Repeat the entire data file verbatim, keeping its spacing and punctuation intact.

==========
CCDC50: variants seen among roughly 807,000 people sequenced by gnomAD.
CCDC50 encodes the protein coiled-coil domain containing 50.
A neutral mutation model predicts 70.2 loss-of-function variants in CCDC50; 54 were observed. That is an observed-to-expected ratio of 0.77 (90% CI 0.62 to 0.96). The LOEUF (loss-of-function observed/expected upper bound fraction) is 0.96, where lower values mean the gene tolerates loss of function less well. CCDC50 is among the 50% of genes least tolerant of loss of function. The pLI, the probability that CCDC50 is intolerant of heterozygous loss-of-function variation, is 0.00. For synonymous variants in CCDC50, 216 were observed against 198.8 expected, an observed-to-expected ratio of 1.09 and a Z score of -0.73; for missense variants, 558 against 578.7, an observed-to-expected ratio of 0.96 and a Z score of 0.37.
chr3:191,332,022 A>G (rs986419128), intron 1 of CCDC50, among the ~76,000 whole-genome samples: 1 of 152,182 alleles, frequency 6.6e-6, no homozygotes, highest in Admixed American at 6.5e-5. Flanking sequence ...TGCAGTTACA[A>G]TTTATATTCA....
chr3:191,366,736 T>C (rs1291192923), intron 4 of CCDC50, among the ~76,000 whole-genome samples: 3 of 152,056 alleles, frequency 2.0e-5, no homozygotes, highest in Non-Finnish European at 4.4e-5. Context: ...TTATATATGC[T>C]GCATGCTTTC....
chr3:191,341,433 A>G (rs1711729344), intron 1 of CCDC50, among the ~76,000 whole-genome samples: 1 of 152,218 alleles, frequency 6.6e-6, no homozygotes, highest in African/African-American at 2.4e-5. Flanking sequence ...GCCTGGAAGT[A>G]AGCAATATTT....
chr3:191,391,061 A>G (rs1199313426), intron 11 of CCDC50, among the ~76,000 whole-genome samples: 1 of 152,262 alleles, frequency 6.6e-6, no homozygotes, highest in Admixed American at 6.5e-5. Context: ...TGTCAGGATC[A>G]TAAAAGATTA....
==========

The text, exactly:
CCDC50: variants seen among roughly 807,000 people sequenced by gnomAD.
CCDC50 encodes the protein coiled-coil domain containing 50.
A neutral mutation model predicts 70.2 loss-of-function variants in CCDC50; 54 were observed. That is an observed-to-expected ratio of 0.77 (90% CI 0.62 to 0.96). The LOEUF (loss-of-function observed/expected upper bound fraction) is 0.96, where lower values mean the gene tolerates loss of function less well. CCDC50 is among the 50% of genes least tolerant of loss of function. The pLI, the probability that CCDC50 is intolerant of heterozygous loss-of-function variation, is 0.00. For synonymous variants in CCDC50, 216 were observed against 198.8 expected, an observed-to-expected ratio of 1.09 and a Z score of -0.73; for missense variants, 558 against 578.7, an observed-to-expected ratio of 0.96 and a Z score of 0.37.
chr3:191,332,022 A>G (rs986419128), intron 1 of CCDC50, among the ~76,000 whole-genome samples: 1 of 152,182 alleles, frequency 6.6e-6, no homozygotes, highest in Admixed American at 6.5e-5. Flanking sequence ...TGCAGTTACA[A>G]TTTATATTCA....
chr3:191,366,736 T>C (rs1291192923), intron 4 of CCDC50, among the ~76,000 whole-genome samples: 3 of 152,056 alleles, frequency 2.0e-5, no homozygotes, highest in Non-Finnish European at 4.4e-5. Context: ...TTATATATGC[T>C]GCATGCTTTC....
chr3:191,341,433 A>G (rs1711729344), intron 1 of CCDC50, among the ~76,000 whole-genome samples: 1 of 152,218 alleles, frequency 6.6e-6, no homozygotes, highest in African/African-American at 2.4e-5. Flanking sequence ...GCCTGGAAGT[A>G]AGCAATATTT....
chr3:191,391,061 A>G (rs1199313426), intron 11 of CCDC50, among the ~76,000 whole-genome samples: 1 of 152,262 alleles, frequency 6.6e-6, no homozygotes, highest in Admixed American at 6.5e-5. Context: ...TGTCAGGATC[A>G]TAAAAGATTA....